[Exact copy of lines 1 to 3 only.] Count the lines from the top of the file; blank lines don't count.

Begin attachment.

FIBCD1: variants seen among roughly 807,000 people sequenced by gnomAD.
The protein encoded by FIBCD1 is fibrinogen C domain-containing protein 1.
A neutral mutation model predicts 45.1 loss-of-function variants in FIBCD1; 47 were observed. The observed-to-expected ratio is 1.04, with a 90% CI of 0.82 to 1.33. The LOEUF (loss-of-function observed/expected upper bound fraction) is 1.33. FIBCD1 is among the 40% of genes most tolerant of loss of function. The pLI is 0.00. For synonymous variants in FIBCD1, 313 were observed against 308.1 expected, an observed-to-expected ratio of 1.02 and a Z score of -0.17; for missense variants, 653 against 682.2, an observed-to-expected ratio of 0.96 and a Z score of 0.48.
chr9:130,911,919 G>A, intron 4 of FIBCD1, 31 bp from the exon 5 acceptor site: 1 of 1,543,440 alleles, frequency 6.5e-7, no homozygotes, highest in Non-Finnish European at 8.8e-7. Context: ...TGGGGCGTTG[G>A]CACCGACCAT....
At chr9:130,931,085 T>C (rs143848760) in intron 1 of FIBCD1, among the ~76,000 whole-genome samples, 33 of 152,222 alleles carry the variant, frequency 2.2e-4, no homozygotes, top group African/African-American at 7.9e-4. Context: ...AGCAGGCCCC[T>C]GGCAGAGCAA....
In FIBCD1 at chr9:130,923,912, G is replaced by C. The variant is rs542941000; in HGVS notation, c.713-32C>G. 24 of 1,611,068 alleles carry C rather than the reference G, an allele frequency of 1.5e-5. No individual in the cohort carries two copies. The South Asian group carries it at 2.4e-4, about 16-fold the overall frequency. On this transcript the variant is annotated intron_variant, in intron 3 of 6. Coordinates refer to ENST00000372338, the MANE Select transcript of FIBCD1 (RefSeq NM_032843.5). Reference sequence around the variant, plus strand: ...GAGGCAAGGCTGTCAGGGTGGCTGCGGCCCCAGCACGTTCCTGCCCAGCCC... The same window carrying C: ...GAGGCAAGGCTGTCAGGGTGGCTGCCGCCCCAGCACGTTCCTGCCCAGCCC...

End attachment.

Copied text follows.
FIBCD1: variants seen among roughly 807,000 people sequenced by gnomAD.
The protein encoded by FIBCD1 is fibrinogen C domain-containing protein 1.
A neutral mutation model predicts 45.1 loss-of-function variants in FIBCD1; 47 were observed. The observed-to-expected ratio is 1.04, with a 90% CI of 0.82 to 1.33. The LOEUF (loss-of-function observed/expected upper bound fraction) is 1.33. FIBCD1 is among the 40% of genes most tolerant of loss of function. The pLI is 0.00. For synonymous variants in FIBCD1, 313 were observed against 308.1 expected, an observed-to-expected ratio of 1.02 and a Z score of -0.17; for missense variants, 653 against 682.2, an observed-to-expected ratio of 0.96 and a Z score of 0.48.